10. Delta’s explanation yesterday smelled fishy. It would take something on the order of a bomb or major earthquake (in a non-earthquake area) to impact properly hardened IT systems (or the internet backbone in a region). If Delta had proper infrastructure, a power failure should have triggered a UPS with at least 6 hours of runtime and a (set of) backup generator(s) capable of running for at least 2 days with onsite fuel, with fuel contracts guaranteeing additional fuel out to a week in emergencies. And even in a small datacenter, multiple redundant UPSes and generators would all have to simultaneously fail to trigger an outage — multiple primary systems, multiple backup systems. Serious datacenters are actually designed to survive nearby explosions, even. And usually attached to multiple municipal power grids as well.
    Really, a power outage is just not something that can happen in modern IT outside of a major catastrophic event. This just reeks of “we deferred maintenance on critical systems to save money and lost that bet badly”. Looking forward to reading the real story when it comes out.
    And for that matter, Delta’s IT footprint is absolutely big enough to build in geodiversity — why didn’t their redundant systems running in SLC or MSP or DTW kick in and take over, eh? 😉

  11. @civet That’s fine for those passengers that do get affected, when they get affected. Gary sounded like Delta should have offered it upfront to all customers on Monday and Tuesday, which seems to make no sense.

  12. Here’s what appears to be an actual answer, via the Minnesota Star Tribune:
    The airline’s computer systems failed around 1:30 a.m. Central time, Delta said, because of a “power outage in Atlanta.” Georgia Power, the electric company that supports Delta, said something went wrong with the airline’s switchgear, which can be likened to a fuse box.

    Delta concluded by the end of the day that “following the power loss, some critical systems and network equipment didn’t switch over to Delta’s backup systems.”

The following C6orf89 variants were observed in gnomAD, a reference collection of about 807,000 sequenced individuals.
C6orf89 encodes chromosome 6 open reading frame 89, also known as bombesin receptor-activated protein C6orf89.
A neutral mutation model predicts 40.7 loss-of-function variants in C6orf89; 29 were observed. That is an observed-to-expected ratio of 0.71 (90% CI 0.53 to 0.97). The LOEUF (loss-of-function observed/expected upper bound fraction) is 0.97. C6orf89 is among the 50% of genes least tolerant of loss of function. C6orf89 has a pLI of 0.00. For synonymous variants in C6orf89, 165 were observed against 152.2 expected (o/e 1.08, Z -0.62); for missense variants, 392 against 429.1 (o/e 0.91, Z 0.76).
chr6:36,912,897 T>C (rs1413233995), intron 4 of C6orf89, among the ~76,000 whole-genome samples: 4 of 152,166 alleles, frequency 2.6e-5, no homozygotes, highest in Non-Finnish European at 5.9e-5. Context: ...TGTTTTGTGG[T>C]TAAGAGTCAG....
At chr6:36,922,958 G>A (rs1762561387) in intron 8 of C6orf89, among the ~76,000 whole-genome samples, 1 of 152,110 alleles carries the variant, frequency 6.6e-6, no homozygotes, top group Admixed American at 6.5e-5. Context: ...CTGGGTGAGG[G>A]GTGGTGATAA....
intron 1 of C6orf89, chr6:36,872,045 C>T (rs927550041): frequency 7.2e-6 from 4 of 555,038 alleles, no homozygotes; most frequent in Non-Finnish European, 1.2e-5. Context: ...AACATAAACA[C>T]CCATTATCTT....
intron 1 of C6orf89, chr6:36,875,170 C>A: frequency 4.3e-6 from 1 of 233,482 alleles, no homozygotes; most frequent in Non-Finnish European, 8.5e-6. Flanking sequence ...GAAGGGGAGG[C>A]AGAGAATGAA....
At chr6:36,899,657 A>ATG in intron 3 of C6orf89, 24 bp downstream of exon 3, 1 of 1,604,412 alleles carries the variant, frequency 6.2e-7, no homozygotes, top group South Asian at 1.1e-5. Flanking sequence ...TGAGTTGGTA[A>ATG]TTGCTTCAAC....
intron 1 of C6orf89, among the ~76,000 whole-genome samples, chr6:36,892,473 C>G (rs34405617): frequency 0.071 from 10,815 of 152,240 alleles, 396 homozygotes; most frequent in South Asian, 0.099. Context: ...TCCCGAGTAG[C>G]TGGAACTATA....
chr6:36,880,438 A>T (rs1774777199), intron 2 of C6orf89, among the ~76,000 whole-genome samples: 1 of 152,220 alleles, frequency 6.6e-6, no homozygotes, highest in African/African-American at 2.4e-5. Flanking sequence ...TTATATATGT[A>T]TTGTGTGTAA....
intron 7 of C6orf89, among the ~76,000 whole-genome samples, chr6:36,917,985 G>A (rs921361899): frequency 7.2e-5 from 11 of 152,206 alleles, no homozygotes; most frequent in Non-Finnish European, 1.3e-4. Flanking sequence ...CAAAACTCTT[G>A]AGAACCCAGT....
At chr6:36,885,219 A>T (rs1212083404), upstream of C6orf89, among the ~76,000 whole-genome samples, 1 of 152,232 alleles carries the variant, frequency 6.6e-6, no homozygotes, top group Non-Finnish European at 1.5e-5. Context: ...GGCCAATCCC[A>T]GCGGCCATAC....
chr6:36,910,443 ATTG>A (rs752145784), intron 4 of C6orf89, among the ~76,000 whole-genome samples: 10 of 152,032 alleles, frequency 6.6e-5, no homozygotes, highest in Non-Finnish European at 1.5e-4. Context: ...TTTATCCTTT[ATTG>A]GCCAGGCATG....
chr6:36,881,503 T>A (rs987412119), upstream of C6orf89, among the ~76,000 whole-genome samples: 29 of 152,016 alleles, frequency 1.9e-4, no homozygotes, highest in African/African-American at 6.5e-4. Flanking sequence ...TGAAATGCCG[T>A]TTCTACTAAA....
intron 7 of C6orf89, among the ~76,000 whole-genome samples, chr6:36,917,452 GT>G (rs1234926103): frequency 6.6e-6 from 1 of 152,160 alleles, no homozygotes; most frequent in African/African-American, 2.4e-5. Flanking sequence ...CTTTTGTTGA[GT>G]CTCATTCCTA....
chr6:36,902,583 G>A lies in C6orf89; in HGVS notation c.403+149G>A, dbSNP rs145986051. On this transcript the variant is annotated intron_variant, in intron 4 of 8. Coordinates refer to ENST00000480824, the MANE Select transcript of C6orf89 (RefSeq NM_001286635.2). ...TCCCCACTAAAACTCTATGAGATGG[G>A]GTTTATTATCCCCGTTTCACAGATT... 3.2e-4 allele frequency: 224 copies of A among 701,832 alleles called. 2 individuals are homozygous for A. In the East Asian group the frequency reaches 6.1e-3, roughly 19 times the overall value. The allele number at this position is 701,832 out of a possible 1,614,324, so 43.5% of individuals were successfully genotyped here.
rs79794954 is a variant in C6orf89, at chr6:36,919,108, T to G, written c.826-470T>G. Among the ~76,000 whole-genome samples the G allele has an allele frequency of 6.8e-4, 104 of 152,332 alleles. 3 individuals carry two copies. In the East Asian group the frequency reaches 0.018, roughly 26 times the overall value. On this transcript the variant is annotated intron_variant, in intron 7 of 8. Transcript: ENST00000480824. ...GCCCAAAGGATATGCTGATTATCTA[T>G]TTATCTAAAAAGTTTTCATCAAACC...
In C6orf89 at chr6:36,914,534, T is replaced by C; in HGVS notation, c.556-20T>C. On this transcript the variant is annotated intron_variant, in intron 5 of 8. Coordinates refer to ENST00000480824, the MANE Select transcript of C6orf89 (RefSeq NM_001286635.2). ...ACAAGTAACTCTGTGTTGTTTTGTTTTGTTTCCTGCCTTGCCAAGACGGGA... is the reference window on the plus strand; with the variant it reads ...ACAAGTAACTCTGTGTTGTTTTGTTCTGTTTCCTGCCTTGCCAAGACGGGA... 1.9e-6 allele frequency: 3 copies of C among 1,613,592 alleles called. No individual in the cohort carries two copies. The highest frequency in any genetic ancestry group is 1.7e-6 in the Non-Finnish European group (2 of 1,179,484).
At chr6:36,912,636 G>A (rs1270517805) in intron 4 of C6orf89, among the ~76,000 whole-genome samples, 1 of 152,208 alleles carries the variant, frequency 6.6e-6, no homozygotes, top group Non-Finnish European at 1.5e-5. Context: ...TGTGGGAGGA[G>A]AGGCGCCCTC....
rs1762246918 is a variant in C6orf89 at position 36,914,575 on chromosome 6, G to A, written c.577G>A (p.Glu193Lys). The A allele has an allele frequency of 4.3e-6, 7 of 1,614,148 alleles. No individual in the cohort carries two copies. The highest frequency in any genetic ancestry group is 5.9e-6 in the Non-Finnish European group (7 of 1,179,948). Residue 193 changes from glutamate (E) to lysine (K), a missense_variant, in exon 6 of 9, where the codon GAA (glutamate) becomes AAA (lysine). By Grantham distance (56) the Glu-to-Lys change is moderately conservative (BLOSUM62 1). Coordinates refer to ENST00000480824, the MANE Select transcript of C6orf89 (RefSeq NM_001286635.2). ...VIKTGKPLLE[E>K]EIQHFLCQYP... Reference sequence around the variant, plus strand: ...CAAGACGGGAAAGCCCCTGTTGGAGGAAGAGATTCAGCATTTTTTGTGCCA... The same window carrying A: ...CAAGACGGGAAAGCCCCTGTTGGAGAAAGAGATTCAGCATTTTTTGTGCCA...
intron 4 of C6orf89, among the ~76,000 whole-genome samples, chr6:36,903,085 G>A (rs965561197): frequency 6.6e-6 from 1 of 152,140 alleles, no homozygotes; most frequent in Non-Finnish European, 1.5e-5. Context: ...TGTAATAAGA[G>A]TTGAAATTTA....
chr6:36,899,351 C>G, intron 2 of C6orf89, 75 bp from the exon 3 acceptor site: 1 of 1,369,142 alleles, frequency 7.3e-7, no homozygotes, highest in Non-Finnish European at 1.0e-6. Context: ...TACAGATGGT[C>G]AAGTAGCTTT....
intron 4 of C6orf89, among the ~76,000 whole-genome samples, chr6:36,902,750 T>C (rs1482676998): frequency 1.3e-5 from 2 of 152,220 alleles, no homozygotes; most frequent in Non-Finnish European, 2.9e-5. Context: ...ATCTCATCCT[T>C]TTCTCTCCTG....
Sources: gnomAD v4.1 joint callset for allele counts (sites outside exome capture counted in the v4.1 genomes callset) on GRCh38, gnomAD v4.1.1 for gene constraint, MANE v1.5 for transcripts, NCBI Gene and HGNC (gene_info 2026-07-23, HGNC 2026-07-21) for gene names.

So, yeah, this is a failure to test and validate resilience and disaster recovery plans. Also known as a failure to spend money. I’d expect the CIO or CTO’s resignation over this one. This is beyond amateur hour — absolutely inexcusable for a $10MM/year business; let alone one of Delta’s scale.

    Further, the switchgear should not be a single point of failure. So if it really was, that’s an equally astonishing system design failure. And 6 hours of downtime for an outage like this? Did they have to go fabricate a new switch?

  13. Easy for an armchair analyst to sit back and tell DL what they should have done. Meanwhile, how many airlines have you actually worked for? What is your experience in disaster recovery & business continuity?

  14. @Josh G: I’ve taken multiple businesses through many Cat 3, Cat 4 hurricanes, fires, lightning strikes, and tornadoes. Hurricane flooding out the entire 1st floor of a building (including power & communications rooms), local ILECs completely DOA after a hurricane, UPS melts down (literally), flames shooting out of the rack? Been there, done that for all of that and more — the show went on like nothing was wrong. It can be done, and it can be done on the cheap. My setups are kludgy and ugly to outsiders, but the abuse they can take is unreal.

    So… given that… Yes, Delta screwed up. BIG TIME. Where was their redundancy? Where are their monitoring systems? Where are their IT staff at that hour? Where are their alternate data centers, if any? Why aren’t their systems segmented/partitioned into smaller sub-systems which can exist solo for a period of time? I can’t help but think they never ran through what-if scenarios.

    Reminds me of the data centers in NJ that flooded out during Hurricane Sandy when the floor drains started flowing backward. What did they expect the drains to do when water was rising? Why did they even have them in there to begin with? Same for a few hospitals who put generators in basements.

  15. @Josh G – what specifically do you disagree with here, you think they should have lied and blamed the power company? Easy for you to say “Delta knows what it’s doing” but I am making substantive and specific arguments and you aren’t.

  16. @JoshG I operated a small datacenter for 8 years on a shoestring budget, including participating in the build. I consulted on BC/DR planning and design for a $1B company. We actually lost our automatic transfer switch at one point. The show went on.

    But that’s beside the point. This is really basic stuff. And it has nothing to do with being an airline — IT is IT, and keeping the power on has nothing whatsoever to do with the loads and services running on your systems.